OBJECTIVES: To evaluate the effect of eye spray phospholipid concentration on symptoms and tear film stability.
METHODS: High-concentration (Tears Again, Optima Pharma GmbH, Hallbergmoos, Germany) and low-concentration (Ocuvers, Innomedis AG, Germany) phospholipid eye sprays were sprayed onto the closed eyelids of 30 subjects (33.2±1.8 years; 20 women) in a multicentered, prospective, crossover study. Ocular comfort (visual analog scale) and noninvasive tear film stability (NIBUT) of each eye were evaluated before application (along with the Ocular Surface Disease Index), 10 min after application, and 30 min after application.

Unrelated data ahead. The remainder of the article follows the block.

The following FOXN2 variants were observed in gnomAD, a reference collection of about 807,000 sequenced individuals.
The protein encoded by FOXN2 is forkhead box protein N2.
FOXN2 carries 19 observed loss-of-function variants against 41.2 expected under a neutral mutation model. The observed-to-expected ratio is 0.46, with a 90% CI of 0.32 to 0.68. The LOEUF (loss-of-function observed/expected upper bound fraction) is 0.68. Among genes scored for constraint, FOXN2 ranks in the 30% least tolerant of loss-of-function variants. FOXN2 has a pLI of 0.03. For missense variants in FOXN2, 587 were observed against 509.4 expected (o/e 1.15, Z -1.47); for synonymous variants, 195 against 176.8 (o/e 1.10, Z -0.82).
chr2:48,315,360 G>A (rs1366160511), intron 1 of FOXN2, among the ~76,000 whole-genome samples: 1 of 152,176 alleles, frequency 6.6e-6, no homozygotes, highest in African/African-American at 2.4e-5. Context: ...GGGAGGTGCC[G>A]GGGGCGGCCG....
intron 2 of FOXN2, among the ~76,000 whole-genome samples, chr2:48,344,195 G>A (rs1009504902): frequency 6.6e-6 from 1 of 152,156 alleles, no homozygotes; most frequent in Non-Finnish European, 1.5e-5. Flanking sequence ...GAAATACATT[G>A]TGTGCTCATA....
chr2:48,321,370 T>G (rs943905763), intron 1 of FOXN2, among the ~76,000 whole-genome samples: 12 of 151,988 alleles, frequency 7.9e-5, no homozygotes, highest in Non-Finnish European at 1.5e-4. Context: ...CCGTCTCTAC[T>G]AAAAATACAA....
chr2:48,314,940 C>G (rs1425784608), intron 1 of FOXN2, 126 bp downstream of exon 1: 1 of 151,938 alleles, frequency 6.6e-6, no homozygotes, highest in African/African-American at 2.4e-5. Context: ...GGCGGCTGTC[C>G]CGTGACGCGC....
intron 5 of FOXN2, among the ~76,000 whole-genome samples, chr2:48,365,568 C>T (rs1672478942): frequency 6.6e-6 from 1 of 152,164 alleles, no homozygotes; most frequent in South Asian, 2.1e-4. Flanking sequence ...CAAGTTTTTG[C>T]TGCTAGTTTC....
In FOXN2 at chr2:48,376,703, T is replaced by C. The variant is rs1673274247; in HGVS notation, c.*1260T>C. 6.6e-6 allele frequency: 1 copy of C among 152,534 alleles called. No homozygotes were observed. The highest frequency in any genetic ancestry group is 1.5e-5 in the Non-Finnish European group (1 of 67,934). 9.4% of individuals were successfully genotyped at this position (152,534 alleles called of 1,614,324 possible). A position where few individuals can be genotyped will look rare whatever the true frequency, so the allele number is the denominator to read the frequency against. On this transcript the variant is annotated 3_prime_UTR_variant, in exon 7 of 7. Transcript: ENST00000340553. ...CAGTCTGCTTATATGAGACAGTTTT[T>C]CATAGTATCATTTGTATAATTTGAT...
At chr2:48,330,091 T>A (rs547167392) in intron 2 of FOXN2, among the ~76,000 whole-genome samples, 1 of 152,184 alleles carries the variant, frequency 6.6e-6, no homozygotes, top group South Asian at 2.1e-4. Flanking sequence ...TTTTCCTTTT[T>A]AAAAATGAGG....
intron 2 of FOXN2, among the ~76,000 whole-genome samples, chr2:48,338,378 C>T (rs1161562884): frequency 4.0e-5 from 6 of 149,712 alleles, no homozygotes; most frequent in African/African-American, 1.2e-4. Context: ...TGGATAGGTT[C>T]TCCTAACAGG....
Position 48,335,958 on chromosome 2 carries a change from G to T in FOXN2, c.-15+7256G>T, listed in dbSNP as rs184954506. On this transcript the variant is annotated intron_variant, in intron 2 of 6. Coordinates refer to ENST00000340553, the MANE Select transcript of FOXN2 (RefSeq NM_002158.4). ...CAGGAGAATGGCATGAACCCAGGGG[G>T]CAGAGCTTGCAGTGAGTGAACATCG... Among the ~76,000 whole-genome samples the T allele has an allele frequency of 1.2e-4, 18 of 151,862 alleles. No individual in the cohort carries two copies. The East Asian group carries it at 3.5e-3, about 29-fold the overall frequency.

RESULTS: Comfort (high concentration: 68.5±16.4 vs. low concentration: 70.7±14.5 phospholipid) and NIBUT (high concentration: 11.5±4.6 sec vs. low concentration: 11.2±6.0 sec phospholipid) were not different (P>0.3) between sprays before application, but comfort (by 12 points, P=0.001) and NIBUT (by 5 sec, P=0.016) were significantly better with a high-concentration phospholipid spray at both 10 min and 30 min time points than those with the low-concentration phospholipid spray.
CONCLUSIONS: The liposomal eye spray with higher concentration of phospholipids significantly improved ocular comfort and tear film stability in contrast to the eye spray with lower concentration of phospholipids, hence practitioners need to choose an appropriate eye spray to maximize the patient benefit.
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